While in Nashville recently for QuiltCon, I took a break from the convention center to visit Parnassus Books, the classy independent bookstore established in 2011 by one of my favorite authors, Ann Patchett. My sidekick on the pilgrimage was my new writing buddy Frances O’Rourke Dowell. Frances and I gabbed about books and writing (and quilts) all the way to Parnassus, throughout our time in the store, and back. We even conducted an impromptu counseling session for a customer searching for the perfect book for her club, unanimously recommending The Great Believers by Rebecca Makkai.
One of the titles I purchased at Parnassus was My Brilliant Friend by Elena Ferrante (not the author’s real name, apparently). Set in the 1950s in a poor neighborhood in Naples, the story takes off when the two main characters toss each other’s dolls into a dark cellar. In early chapters, I was wowed by the way the narrative travels away from (and back to) its dramatic opening scene, something I’m trying to do in my own work-in-progress.
Gradually, however, I wearied of Elena’s and Lila’s ridiculously (to me) intense relationship, of their endless competition, of the many other, often interchangeable, characters both male and female, and especially of the posturing and trivial rivalries of the men. I’m not saying the author did not accurately describe life in the narrow world in which she grew up—I just found reading about it boring. Every character, young and old, seems stuck in the life of the neighborhood. Men and boys defend the honor of their wives and sisters, but beat these same wives and sisters when tradition calls upon them to do so.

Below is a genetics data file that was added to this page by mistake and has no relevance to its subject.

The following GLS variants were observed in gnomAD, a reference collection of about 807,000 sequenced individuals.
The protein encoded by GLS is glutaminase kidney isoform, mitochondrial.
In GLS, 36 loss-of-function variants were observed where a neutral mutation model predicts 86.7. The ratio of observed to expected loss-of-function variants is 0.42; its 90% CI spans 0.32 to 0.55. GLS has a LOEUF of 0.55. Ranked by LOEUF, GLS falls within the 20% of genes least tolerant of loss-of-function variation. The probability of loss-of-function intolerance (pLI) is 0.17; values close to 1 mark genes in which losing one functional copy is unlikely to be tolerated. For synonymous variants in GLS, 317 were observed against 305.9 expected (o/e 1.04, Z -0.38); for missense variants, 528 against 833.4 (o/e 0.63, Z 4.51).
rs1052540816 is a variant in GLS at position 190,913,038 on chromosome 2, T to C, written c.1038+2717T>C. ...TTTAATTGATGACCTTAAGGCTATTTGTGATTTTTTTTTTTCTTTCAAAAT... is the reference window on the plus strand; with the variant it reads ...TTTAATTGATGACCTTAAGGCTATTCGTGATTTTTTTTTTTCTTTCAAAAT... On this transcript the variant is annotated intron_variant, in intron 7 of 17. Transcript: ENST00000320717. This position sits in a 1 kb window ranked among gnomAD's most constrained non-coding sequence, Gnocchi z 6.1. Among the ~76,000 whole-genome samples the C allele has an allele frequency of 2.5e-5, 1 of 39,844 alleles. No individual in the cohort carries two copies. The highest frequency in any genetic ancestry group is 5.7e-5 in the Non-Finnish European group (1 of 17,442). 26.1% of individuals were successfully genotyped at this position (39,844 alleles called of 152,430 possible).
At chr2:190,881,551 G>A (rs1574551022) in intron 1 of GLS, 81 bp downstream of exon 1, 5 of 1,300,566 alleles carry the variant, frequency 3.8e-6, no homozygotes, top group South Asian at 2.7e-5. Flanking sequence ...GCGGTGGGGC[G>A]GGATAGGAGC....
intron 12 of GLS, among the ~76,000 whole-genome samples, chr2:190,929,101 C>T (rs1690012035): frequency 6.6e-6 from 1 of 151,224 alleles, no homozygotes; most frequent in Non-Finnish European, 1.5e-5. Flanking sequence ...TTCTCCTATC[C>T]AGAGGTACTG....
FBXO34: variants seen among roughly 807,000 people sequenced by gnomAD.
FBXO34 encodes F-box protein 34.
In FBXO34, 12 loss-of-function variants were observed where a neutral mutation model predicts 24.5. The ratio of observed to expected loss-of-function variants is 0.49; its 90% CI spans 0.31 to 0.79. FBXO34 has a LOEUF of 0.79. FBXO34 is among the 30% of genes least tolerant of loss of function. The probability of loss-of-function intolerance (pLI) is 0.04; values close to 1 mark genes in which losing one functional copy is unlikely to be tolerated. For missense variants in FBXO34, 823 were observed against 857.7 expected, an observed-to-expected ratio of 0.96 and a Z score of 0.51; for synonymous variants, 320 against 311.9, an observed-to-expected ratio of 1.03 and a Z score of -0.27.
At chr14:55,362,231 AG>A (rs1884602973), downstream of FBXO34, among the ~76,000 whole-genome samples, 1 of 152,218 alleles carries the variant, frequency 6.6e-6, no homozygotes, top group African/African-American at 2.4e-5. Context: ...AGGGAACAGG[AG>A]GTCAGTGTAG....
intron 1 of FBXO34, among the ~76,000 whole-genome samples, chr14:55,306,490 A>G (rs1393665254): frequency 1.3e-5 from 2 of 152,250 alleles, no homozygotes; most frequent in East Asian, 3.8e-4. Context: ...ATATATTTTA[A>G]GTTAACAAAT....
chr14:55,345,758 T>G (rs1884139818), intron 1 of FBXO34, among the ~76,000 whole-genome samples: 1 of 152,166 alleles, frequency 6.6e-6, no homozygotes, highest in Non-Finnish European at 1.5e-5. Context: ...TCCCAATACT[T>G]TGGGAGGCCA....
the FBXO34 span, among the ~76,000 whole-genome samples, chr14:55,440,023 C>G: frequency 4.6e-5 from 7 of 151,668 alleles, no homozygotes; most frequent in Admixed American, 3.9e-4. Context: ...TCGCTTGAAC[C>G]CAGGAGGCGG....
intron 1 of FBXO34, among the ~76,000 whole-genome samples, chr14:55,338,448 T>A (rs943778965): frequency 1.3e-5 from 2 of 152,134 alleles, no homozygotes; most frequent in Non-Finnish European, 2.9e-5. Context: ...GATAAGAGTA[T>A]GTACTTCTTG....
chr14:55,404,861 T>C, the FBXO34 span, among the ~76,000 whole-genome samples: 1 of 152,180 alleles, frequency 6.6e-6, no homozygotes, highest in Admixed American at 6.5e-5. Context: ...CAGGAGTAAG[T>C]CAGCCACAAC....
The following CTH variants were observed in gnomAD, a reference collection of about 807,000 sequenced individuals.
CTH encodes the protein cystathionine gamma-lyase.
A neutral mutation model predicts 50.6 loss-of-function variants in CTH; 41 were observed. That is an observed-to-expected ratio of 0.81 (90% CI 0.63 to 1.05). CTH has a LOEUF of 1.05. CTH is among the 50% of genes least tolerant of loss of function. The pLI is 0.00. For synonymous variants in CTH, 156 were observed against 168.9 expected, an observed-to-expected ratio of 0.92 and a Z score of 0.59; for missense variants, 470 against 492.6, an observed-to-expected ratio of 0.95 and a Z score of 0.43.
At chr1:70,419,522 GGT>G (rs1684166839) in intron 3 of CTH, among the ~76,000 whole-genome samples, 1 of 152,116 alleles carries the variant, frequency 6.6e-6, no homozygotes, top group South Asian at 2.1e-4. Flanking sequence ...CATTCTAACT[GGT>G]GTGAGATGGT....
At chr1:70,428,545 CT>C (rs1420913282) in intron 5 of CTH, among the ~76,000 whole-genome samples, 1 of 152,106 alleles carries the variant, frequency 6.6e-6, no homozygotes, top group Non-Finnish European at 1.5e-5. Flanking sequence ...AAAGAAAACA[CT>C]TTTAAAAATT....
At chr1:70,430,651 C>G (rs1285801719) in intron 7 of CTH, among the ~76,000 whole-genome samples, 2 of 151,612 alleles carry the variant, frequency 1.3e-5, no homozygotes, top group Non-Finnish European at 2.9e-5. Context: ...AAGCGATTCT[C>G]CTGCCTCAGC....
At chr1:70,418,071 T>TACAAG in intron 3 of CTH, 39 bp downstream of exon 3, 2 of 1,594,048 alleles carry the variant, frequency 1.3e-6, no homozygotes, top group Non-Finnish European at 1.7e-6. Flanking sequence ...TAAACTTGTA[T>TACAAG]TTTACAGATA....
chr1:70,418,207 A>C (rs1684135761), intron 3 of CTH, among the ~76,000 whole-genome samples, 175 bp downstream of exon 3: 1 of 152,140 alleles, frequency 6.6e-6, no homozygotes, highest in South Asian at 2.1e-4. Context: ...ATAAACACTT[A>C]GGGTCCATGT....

The main question of this first of four volumes in Ferrante’s Neapolitan Quartet seems to be, “Who will win the hand of Lila, the most beautiful girl of all?” Ultimately, I didn’t care. Here’s an excerpt, a scene just a few pages from the end, during the reception following Lila’s marriage to Stefano, the narrator (Elena) describing the guests: They would restrain their rage for love of Lila . . . but when she had left, with her husband, then a huge fight would erupt, and it would be the start of hatreds lasting months, years, and offenses and insults that would involve husbands, sons, all with an obligation to prove to mothers and sisters and grandmothers that they knew how to be men.
Also, what’s with, “Translated from the Italian . . . ” on the title page? I mean, do we ever see, “Translated from the French”? “Translated from the German.”? What’s up with that?